Spring 2019

Over a year ago, Margie Farmer, my manager and I, decided to concentrate on creating a viable and enduring scholarship program for singers of color and working artists who want to study with me. We strive to support a diverse and world wide population.  

Margie organized and announced the scholarship commitment as part of my 75th birthday celebration. 

Oh yes what a celebration it always is to have multiple languages, cultures and ages in the room when we make music. 
Thanks to all of you who contributed, we have made big strides in outreach, being able to offer scholarships and open the door to this improvisation work for many worthy singers. 

This is how it looks so far in 2019: 

In January, Carolyn Brandy’s Born to Drum came to Ha Lau Leo Nani for a week with her co-teachers and dear friends Mabiba Baegne from Congo and Ouida Lewis from Jamaica. The women who attended were able to study Afro-Cuban drumming and songs with Carolyn as well. I stepped in with Circle Singing and an arrangement for Yamaya which we combined with Carolyn’s traditional drum arrangement.  
Hearing the maestra drummers talk about their years of study and the difficulties of being women wanting to play the drums of their culture, was an inspiration I won’t forget. We stood tall in their presence, grateful for their courage and persistence. In the midst of all that serious herstory, I have never been with women who laugh so big and open, and who play drums with amazing joy and skill. Kumu hula Ryan McCormack of Puna district offered a generous session on the drum traditions in Hawaiian music and hula. Important when bringing guests to Hawaii so that they understand the history and vibrant culture here. 
At the end of the week, we offered a one day workshop festival for the local drummers on Hawaii Island ending in a concert with all students participating. This brought many new kama aina (local) people to Ha Lau Leo Nani. The Singing Barn was full and jamming.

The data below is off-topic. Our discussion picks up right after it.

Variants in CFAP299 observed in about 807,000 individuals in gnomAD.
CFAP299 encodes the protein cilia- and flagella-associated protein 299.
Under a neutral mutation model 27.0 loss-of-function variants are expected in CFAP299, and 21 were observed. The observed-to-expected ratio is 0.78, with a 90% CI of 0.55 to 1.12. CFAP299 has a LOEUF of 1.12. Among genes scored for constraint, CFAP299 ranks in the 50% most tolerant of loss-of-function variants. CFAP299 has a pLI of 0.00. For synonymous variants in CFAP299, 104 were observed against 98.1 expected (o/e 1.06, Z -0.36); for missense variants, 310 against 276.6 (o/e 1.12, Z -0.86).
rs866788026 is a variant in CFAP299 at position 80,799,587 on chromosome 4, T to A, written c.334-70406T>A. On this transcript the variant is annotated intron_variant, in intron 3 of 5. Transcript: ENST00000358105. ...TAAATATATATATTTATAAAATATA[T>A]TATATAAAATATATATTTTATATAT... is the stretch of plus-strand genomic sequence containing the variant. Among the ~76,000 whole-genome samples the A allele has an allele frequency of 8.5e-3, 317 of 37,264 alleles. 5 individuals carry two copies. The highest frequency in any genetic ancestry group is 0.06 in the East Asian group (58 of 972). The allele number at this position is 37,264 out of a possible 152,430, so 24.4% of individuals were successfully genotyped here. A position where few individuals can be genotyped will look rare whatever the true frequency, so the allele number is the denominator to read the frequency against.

All The Way In, my year long program for the study of Vocal River exercises and creating a life and work in vocal improvisation, always begins here at the farm. This year we were able to provide scholarship support to seven singers making a richly diverse group. We all felt from the first day that this broad reach of singers was compelling us to understand one another and the gifts each one was bringing. Beautiful collaborations are taking shape now for our second session in Perugia, Italy. 

I must also report that we lost one of our All The Way In singers, Dominic Gregorio in an untimely death. Our hearts are shaken by his passing; brilliant professor, choir conductor, dancer and singer. A Filipino-Canadian of extraordinary talent, Dominic will be held in memory throughout the year and always, as he had already made a deep impact on the group. 

Canoe Songs co-taught by Pura Fe of the Tuscarora Nation came to the farm in March. Five singers were given scholarships support so our gathering was rich and diverse once again. 

Lucky us, we got to host Pura Fe and her husband Max of the Cree Nation in Canada. The two of them were wonderful guests on the farm in addition to the workshop. Fourteen lucky singers gathered each day to learn the songs that Pura Fe brings through her from her ancestors. Learning them by ear, direct from her was a privilege and joy. I offered the skills and intuition of improvisation. By the end of the week, I could feel how the two forms were flowing into one another. Completely gratifying to sense that the singers were taking in both the ancient wisdom of tribal song and the intuitive life force of improvisation.   

Kekuhi Keali’ikanakaole, a treasured teacher and kumu hula from Hilo taught a session in which she helped us understand the process of canoe building from Hawaiian perspective and guided us in creating our own canoe song. That was my dream, to connect the canoe songs of Pura Fe and Hawaii. It was a beautiful realization, including one afternoon we were invited to join a canoe club at Hilo Bay and go out paddling with them while we sang the Tuscarora canoe songs. One evening Max organized a traditional sweat, including building a lodge of bamboo on our farm. We sang and sweated our prayers. 
Having Pura Fe and Max as our guests for a week created a personal bond as well that I know will continue for all of us here on the farm. 

In all three workshops there was a heightened awareness and conversation about social change and music, about diversity and strength, about protecting one another with our songs and prayers.  

      Now I prepare to head to NYC to sing four nights at the Blue Note with Bobby McFerrin and Gimme5. Later in April and again in July    Gimme5 will tour Europe for the summer jazz festivals. We are all thrilled about these tours even though it means being away from home. This is something so special I would go anywhere! I experience these performances as a spiritual journey. Our life long friendships and diverse music skills make creating improvisational music a kind of revelation, and the audience participates all throughout the concert. We hope to see you out there in person at some performance. I love the conversations after the show and the opportunity to catch up with you worldwide. Throw me a kiss across the hall. Sing out loud from wherever you are. 

In these grave times, I sense that music holds us like food, like the elements, like the connective tissue of life. 
Thank you, mahalo nui loa, for your contributions to scholarship and your belief in this music work.  

I am bowing in gratitude.